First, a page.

Today, families across the world are celebrating the men who have helped shape their lives: our fathers! In honor of Father's Day (Sunday, June 19), Taste of Country has asked some of your favorite country stars to talk about the lessons passed down from their dads that have helped shape the men, women and parents they are today.

Josh Turner: "Probably just how to be a leader, even if nobody else agrees with you. If you're doing the right thing, it doesn't really matter if anybody agrees with you. He's always been a positive influence in that way. He's always trying to do the right thing, and he's been very bold about that even if the ones closest to him don't understand or don't agree. So that's been a great example for me."

Chris Young: "My dad had a heart attack six years ago, and in the past year and half he's been diagnosed with lung cancer. They cut a third of his lung out [and] put him through chemo. He's actually doing really well. He's doing great. But through all of that, I don't think I've ever really seen him get down in the dumps. He was always one of those people that was like, 'You know, power through it and just be happy with what you have when you have it.' Every day he gets up, it's a good day, and that's something I really think I'll pass on to everybody. Be happy with what you've got in life."

Darius Rucker: "The one thing I learned when I was really young that I really pride myself with is ... the value of being nice. It’s easier to be nice than to do something or say something that you’re going to regret later. That’s what I try to tell my kids. You don’t have to let anybody walk on you, but just always try to be nice."

Craig Morgan: "Probably the biggest thing I teach my kids that my dad taught me is don't expect too much from anybody. That way, you're not terribly disappointed. Also that hard work and good manners will get you farther than anything else."

Easton Corbin: "Just to be yourself. Be honest to yourself and be true to yourself. He's always been a big believer in that."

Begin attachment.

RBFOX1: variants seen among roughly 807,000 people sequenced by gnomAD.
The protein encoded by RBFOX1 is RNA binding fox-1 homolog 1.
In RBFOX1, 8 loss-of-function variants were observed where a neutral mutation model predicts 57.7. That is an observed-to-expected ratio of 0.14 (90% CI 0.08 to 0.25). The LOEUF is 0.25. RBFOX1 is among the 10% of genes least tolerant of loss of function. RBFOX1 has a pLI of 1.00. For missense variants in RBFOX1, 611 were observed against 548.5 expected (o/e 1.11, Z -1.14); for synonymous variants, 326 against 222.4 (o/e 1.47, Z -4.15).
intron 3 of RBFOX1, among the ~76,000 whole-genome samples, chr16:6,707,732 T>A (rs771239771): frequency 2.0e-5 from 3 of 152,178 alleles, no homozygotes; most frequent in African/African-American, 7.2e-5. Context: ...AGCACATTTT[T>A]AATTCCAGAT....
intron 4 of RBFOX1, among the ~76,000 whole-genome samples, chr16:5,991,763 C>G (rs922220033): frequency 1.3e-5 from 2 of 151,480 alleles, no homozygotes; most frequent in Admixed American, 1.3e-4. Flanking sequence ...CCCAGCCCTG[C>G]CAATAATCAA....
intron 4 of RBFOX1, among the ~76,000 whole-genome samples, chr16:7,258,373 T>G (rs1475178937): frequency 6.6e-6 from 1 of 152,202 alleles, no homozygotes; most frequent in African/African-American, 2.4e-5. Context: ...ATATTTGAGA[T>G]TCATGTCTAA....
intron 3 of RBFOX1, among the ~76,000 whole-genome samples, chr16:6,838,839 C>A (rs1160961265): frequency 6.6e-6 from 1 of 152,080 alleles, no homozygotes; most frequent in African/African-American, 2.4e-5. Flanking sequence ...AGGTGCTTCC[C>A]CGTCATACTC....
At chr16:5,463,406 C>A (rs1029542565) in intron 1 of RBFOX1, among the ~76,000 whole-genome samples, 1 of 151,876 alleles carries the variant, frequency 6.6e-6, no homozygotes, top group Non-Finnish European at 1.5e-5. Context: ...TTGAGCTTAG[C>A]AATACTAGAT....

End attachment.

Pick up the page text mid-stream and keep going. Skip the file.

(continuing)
Josh Thompson: "It would be work ethic -- get up and go do it."

Chuck Wicks: "Just to be a stand-up guy. Just to be a normal guy and respect others and not be too big for your britches."

Eric Church: "I think hard, hard work and integrity are things that nobody can ever take from you. You earn those things. I guess it’s from growing up in a small town and growing up how I grew up. Those are more valuable than any amount of money or gold or success that you could ever have. I always try to out work everybody, and integrity is a big part of what we try to do, not only musically, but in life."

Danelle Leverett of the JaneDear Girls: "My father was the dreamer of the family. I watched him just try so many different things and fail. He ran for office, and he lost. He started one business and it flopped, and he went bankrupt. Then eventually he started a business that did really well. Now he’s living his dream, and he’s out on a ranch with horses and cows … living the simple life that he’s always wanted. He taught me to never give up and that persistence pays off … not be afraid to dream, even if everyone around you thinks you’re crazy. If your heart’s telling you to do it, you’ve got to do it."

Trent Willmon: "My dad taught me to fix things. We never bought anything new when I was growing up. If something broke, we patched it, welded it, soaked it in WD40, wrapped it in bailing wire or duct tape and kept on using it. I still have that mentality to this day."

Chris Lucas of LoCash Cowboys: "Dad always taught me dedication, perseverance and to pursue excellence! My father and I were best buds, and we talked at the same time everyday. It was just that friendly reminder that he was thinking about me, letting me know he loves me and missed me. Every night when we play [our last single] 'Keep in Mind,' I know that my dad is there in spirit, holding my backbone together, saying, 'I'm here with you!' I know he has been smiling down when it comes on the radio. I miss him so much."